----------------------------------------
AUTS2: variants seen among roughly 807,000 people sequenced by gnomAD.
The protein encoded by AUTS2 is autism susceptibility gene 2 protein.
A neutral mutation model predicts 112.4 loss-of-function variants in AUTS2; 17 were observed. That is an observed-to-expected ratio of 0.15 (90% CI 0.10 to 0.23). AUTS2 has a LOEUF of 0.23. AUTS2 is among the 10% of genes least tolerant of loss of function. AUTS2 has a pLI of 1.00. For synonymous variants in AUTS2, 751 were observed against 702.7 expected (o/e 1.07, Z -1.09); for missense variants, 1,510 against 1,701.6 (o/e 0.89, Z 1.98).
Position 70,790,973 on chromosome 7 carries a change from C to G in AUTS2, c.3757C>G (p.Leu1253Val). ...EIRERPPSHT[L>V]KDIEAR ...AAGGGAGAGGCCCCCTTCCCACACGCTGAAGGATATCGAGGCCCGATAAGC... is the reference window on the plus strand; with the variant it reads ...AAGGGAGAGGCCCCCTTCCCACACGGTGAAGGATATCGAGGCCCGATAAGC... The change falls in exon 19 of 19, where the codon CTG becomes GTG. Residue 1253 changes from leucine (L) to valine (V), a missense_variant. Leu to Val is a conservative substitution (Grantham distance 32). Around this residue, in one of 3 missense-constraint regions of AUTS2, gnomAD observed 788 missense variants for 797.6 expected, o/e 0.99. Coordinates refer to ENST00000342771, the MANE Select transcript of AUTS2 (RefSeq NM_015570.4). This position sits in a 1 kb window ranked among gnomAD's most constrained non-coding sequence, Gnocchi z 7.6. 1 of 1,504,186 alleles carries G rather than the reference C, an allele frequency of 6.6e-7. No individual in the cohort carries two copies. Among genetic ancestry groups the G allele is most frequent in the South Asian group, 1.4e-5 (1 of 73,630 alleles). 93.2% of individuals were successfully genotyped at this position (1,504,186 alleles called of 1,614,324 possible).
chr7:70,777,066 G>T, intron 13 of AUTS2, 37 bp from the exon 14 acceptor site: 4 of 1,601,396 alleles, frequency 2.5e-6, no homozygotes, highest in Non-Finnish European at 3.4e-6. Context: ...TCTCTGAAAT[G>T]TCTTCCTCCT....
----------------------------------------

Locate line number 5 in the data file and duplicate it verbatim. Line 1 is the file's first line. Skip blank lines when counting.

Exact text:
chr7:70,777,066 G>T, intron 13 of AUTS2, 37 bp from the exon 14 acceptor site: 4 of 1,601,396 alleles, frequency 2.5e-6, no homozygotes, highest in Non-Finnish European at 3.4e-6. Context: ...TCTCTGAAAT[G>T]TCTTCCTCCT....